Figure 9.3 Several types of white OLED lighting devices with multi‐photon technologies

Figure 9.4 Comparison of typical AM‐OLEDs and OLED lighting devices with multi‐photon structure

Figure 9.5 The destinations of emission in OLED devices

Figure 9.6 Light extraction enhancement by attaching non‐uniform and/or non‐flat structure to the substrates

Figure 9.7 OLED device with microlens arrays [6]

Figure 9.8 OLED device with an internal light out‐coupling layer

Figure 9.9 OLED with silica aerogel layer [14]

Figure 9.10 OLED devices with two‐dimensional SiO2/SiNx photonic crystal (PC) layers [19]

Figure 9.11 Appropriate periodic microstructure reducing surface plasmon [24]

Figure 9.12 Device structure with plasmonic structure. [25]

Figure 9.13 Progress of efficiency of white OLED devices

Figure 9.14 Color tunable OLED lighting with strip patterns of RGB emission [40]

Figure 9.15 Some OLED lighting products [42].

Figure 9.16 Nurse light [47].

Figure 9.17 An example of OLED lighting products [47].

Figure 9.18 Cosmetic OLED lighting.

Figure 9.19 Examples of products and prototypes of OLED lightings.

Chapter 10

Figure 10.1 Required water vapor transmission rate of flexible substrates for various applications

Figure 10.2 An ultra‐thin glass roll [6].

Figure 10.3 The relationship between the curvature radius R of bending and the stress of the top of the curvature σ [6].

Figure 10.4 Ultra‐thin glass with carrier glass [7].

Figure 10.5 Device structure and an emission picture of a top emitting OLED device on stainless steel foil [10]

Figure 10.6 Bare and coated stainless steel foils from Nippon Steel and Sumitomo Metal Corporation Group

Figure 10.7 Molecular structures of some plastic films for flexible OLED devices

Figure 10.8 Concept of multi‐layer barrier structure

Figure 10.9 The device structure of a flexible OLED developed by Pioneer [18, 19]

Figure 10.10 A picture of a 3″ flexible PM‐OLED display developed by Pioneer [18, 19].

Figure 10.11 Schematic illustration of the coating/de‐bonding method

Figure 10.12 Schematic illustration of the transfer method reported by Semiconductor Energy laboratory (SEL) [28]

Figure 10.13 Picture of the 81″ flexible AM‐OLED display using Kawara‐type multi‐display technology [32]. Display size: 81″ (Kawara‐type multi‐display with 36 panels (6 × 6) 13.5″ panels Number of pixels: 7680 × 4320 (8 K UHD) Resolution: 108 ppi Color: Full color Device structure: White tandem OLED (top emission) + color filter Driving: Active‐matrix with CAAC‐IGZO TFT

Figure 10.14 Fabrication process of 18″ flexible OLED display reported by Yoon et al. [34]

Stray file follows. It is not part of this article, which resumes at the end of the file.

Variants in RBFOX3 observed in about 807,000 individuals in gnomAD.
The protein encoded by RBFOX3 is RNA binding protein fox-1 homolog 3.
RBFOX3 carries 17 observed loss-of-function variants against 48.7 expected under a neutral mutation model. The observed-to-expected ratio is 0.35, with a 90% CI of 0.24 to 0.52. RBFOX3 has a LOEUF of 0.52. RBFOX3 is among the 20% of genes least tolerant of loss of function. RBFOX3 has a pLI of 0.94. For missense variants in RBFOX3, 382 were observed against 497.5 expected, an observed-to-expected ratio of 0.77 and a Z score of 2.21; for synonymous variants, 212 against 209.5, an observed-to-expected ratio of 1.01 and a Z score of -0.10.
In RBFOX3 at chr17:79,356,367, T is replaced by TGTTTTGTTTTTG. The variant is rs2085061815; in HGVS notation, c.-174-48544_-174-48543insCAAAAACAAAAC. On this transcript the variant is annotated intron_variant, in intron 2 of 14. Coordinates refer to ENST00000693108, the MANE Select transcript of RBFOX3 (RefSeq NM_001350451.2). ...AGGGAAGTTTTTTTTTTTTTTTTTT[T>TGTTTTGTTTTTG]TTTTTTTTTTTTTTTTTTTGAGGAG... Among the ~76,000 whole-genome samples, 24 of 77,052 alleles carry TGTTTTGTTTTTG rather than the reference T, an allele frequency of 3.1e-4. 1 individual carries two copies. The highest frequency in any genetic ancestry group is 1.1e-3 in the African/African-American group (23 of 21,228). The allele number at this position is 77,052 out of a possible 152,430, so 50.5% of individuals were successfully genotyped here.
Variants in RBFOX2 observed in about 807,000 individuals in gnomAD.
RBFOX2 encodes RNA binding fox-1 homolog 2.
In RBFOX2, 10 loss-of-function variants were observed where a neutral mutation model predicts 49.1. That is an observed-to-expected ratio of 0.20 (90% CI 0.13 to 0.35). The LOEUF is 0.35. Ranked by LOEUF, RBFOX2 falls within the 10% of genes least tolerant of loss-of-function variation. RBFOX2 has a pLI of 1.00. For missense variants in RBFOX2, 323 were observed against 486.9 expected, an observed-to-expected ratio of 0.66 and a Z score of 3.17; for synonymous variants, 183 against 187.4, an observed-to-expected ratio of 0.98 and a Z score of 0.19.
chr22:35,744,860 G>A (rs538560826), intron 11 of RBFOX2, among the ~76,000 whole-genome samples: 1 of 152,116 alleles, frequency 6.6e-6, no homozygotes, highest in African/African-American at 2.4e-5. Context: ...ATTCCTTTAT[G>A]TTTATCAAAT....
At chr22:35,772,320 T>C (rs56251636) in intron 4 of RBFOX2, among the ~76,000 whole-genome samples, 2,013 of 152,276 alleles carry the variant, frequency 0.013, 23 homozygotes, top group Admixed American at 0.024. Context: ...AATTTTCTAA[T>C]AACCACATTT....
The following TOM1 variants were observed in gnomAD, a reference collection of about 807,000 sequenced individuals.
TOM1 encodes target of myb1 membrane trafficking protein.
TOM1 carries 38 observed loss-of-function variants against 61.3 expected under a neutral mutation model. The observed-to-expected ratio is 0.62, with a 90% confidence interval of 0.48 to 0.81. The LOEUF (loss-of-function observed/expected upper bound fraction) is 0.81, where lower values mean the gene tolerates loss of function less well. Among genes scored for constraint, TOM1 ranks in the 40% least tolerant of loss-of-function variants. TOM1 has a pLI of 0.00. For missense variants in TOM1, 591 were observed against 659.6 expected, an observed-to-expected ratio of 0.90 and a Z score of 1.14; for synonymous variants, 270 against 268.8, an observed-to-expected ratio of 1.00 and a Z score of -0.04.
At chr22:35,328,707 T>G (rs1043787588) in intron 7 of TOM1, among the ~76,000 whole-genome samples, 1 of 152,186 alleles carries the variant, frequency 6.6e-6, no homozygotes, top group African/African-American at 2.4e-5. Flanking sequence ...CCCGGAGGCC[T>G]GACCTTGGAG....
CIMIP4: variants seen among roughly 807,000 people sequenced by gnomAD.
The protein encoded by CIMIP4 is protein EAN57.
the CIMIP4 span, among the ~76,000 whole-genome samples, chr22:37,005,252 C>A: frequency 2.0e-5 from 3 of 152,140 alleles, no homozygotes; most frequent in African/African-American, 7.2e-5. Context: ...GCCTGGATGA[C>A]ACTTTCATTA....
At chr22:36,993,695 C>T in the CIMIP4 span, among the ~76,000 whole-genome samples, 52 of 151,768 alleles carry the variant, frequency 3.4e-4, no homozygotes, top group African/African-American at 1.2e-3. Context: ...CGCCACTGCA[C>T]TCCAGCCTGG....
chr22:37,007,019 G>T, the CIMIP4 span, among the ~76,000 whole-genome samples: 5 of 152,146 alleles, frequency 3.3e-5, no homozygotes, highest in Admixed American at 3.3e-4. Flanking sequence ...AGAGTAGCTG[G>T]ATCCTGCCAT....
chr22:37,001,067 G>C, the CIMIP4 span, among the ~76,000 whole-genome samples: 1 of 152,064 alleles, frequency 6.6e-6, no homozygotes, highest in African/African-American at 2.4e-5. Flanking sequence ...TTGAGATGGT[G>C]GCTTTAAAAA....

Figure 10.15 Typical cross‐section of IGZO TFTs developed by Fruehauf et al. [40].

Figure 10.16 OLED lighting prototype fabricated on ultra‐thin glass. [12] Substrate size: 50 × 50 mm Emission area: 32 × 32 mm Panel fabrication: NEC Lighting Ltd Ultra‐thin glass: developed by Nippon Electric Glass [6] Stainless steel foil: developed by Nippon Steel and Sumitomo Metal Corporation Group [11]

Figure 10.17 The process flow for fabricating ITO patterns on ultra‐thin glass and a flexible OLED device using the fabricated ultra‐thin glass with patterned ITO [43]

Figure 10.18 Device structure, the V‐I characteristics and a picture of emission of the OLED device fabricated on a stainless steel foil [12, 46]

Figure 10.19 An OLED device on a stainless steel foil [12] Panel fabrication: NEC Lighting Stainless steel foil: Nippon Steel and Sumitomo Metal Corporation Group Panel size: 92 × 92 mm Emission area: 75 × 75 mm

Figure 10.20 The generation change of displays and lighting

Chapter 11

Figure 11.1 An example illustrating the relationship between cost and conductivity of various transparent electrode materials.

Figure 11.2 Device structure and typical OLED performance of (a) OLED with conducting polymer (closed circle) and (b) OLED with ITO (open circle) [4–6]

Figure 11.3 OLED panel using the conducting polymer. [4, 5] (a) Device structure. (b) A picture of emission *Substrate size: 50 × 50 mm *Emission aria: 32 × 32 mm *Conductive polymer: spin‐coated *Metal electrode: Mo/Al/Mo (pitch 1.5 mm, width 30 μm, thickness 400 nm)

Figure 11.4 OLED panel with conducting polymer printed by flexography printing, stripe assisting Ag electrode printed by gravure offset printing, and insulating pattern printed by screen printing. (a) Device structure. (b) A picture of emission *Substrate size: 50 × 50 mm *Emission aria: 32 × 32 mm

Figure 11.5 Device structure and an emission picture of OLED with AgNW. The device size is 50 × 50 mm. The emission area is 32 × 32 mm [4–6]

Figure 11.6 Emission picture of OLED device with the stacked anode consisting of flexography printed AgNW and flexography printed conducting polymer [5]

Figure 11.7 Typical device structure of organic TFT [31]

Figure 11.8 The fabrication process of a fully printed OTFT device on a plastic film substrate [40]

Figure 11.9 Photograph of a fully printed flexible OTFT array (100 × 100 mm) with 30 × 30 pixels on PEN film [40]

Figure 11.10 Photograph of ultra‐thin and flexible OTFT array (10 × 10) fabricated on a parylene film [40]

Figure 11.11 Schematic illustration of screen printing, gravure printing, and transfer printing

Figure 11.12 Device structure and an emission picture of phosphorescent polymer OLEDs fabricated by screen printing [44]